Background. Population-based national estimates of stage of change among daily smokers are unknown. This study described the proportion of U.S. daily smokers, 18 and older, by stage of change. Selected sociodemographic characteristics were delineated. Methods. Cross-sectional data were collected via telephone or face-to-face interview in daily smokers who responded to the Current Population Survey in 1992-1993 (n = 39,706), 1995-1996 (n = 34,865), or 1998-1999 (n = 30,153). Main outcomes included stage of change: (1) Precontemplation - not interested in quitting smoking in next 6 months; (2) Contemplation - interested in quitting smoking in next 6 months but not next 30 days; (3) Preparation - interested in quitting smoking in next 30 days and stopped at least 1 day during past year. Results. During 1992-1993, 59.1% of respondents were precontemplators, 33.2% contemplators, and 7.7% in preparation stage. This distribution was similar in subsequent surveys (1995-1996; 1998-1999). Gender differences were not apparent. Whites were more likely to be precontemplators. As education and income increased, the percentage in precontemplation decreased. Rural residents were more likely in precontemplation and less frequently in preparation. Conclusions. Among daily smokers, little movement in stage of change was apparent in the United States during the 1990s. Tobacco control efforts must receive high priority to address these static patterns.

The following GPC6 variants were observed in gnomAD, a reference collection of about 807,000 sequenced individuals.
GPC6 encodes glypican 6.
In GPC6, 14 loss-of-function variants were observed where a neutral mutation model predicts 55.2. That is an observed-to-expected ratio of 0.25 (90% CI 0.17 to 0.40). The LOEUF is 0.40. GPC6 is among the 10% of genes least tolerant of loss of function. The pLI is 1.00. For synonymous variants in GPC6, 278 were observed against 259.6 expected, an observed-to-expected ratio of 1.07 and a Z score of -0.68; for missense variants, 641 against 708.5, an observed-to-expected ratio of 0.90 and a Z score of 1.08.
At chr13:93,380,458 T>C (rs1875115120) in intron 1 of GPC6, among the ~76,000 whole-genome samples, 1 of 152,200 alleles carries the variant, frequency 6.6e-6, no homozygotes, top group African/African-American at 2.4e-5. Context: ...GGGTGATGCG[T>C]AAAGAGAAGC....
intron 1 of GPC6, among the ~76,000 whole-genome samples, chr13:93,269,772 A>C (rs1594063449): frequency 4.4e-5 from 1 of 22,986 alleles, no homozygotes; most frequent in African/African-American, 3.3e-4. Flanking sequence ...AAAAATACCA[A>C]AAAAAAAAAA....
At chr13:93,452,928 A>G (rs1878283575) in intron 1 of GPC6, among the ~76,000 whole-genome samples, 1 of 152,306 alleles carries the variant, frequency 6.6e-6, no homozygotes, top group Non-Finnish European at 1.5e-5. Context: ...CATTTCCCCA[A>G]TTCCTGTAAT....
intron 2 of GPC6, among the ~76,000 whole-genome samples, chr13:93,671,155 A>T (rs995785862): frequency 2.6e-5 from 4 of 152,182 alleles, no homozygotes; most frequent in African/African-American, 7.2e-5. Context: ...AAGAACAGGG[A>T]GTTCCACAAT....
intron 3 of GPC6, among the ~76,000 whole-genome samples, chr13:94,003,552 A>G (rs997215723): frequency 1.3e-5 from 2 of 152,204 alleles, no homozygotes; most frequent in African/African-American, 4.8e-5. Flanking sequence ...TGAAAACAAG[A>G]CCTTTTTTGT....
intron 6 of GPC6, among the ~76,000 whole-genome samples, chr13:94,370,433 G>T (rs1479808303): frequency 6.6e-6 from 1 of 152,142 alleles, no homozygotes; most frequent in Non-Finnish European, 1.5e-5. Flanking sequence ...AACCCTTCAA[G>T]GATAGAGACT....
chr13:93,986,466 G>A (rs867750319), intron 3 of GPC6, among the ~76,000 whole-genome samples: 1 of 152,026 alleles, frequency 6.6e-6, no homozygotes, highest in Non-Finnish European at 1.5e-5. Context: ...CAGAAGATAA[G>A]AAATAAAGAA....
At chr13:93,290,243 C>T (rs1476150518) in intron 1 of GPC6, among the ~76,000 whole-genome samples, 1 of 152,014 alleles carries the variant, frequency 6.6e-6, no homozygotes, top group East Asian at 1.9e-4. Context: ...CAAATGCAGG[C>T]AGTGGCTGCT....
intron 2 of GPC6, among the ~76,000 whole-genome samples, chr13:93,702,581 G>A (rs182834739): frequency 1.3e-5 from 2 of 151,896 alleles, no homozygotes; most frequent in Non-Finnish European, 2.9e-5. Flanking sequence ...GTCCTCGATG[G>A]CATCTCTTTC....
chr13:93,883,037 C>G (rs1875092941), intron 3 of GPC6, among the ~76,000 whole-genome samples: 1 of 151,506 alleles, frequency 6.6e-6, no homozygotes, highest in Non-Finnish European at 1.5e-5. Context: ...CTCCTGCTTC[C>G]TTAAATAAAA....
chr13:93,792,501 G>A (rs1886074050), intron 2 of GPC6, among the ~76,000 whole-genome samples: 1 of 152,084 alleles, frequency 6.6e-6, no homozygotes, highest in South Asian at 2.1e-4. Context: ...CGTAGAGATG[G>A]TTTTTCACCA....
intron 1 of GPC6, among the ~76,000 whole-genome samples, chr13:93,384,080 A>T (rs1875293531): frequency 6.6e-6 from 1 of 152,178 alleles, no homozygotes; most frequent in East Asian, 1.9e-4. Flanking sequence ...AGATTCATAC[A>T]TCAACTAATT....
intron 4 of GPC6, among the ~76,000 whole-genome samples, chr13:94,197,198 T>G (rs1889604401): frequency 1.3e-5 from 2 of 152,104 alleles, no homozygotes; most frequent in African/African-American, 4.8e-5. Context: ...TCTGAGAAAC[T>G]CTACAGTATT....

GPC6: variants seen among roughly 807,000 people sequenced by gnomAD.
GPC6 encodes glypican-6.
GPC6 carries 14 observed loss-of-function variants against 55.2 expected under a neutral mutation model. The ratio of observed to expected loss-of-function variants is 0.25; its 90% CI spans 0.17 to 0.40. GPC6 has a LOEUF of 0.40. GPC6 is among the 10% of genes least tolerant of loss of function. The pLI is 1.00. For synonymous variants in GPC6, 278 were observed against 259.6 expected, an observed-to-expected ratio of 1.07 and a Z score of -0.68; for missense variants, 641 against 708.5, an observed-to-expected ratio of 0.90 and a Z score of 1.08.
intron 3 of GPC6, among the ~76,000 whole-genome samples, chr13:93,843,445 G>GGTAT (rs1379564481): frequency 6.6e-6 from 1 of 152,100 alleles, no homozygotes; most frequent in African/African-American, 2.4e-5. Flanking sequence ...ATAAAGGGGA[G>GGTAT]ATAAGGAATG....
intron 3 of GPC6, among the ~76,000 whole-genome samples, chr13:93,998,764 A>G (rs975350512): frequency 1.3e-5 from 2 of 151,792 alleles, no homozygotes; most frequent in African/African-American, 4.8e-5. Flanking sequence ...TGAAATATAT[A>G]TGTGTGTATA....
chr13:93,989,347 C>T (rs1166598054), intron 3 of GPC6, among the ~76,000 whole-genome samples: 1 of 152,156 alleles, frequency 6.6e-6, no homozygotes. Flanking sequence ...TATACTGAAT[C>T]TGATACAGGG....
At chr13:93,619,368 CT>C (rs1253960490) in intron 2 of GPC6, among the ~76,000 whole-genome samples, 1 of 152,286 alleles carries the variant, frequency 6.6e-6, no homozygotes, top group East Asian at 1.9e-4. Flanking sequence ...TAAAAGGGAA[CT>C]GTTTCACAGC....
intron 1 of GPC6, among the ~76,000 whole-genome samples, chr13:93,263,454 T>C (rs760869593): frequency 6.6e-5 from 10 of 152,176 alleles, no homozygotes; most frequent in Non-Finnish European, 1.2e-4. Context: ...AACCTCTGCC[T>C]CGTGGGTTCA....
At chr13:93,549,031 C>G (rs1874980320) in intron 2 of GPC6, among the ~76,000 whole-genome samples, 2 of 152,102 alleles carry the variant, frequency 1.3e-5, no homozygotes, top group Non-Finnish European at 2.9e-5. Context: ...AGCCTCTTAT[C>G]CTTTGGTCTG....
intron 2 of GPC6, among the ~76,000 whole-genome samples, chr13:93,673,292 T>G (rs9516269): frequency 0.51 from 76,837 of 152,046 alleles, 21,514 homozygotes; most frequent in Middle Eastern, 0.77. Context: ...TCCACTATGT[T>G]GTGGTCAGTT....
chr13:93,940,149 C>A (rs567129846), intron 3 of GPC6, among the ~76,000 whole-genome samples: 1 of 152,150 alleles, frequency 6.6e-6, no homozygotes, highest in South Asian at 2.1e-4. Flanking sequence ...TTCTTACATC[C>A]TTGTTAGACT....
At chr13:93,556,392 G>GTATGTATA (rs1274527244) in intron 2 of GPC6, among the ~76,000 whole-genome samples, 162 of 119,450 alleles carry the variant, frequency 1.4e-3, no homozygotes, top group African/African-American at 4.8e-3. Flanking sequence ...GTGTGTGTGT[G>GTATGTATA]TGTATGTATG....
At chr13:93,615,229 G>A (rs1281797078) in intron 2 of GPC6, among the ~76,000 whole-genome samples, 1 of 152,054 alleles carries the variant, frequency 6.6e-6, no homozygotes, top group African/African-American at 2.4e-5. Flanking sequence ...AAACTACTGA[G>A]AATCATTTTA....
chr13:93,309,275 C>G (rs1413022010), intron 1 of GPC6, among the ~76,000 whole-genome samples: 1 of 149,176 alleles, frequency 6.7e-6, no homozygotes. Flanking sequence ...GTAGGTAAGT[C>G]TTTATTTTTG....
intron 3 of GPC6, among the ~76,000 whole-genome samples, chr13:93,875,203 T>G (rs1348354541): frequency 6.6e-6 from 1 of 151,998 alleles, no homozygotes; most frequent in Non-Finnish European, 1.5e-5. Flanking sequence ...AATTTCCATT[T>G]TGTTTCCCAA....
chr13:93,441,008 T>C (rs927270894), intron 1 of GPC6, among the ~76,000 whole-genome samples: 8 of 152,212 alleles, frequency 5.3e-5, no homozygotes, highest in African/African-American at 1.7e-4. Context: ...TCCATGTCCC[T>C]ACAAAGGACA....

- Current Population Survey
- Stage of change
ASJC Scopus subject areas
- Public Health, Environmental and Occupational Health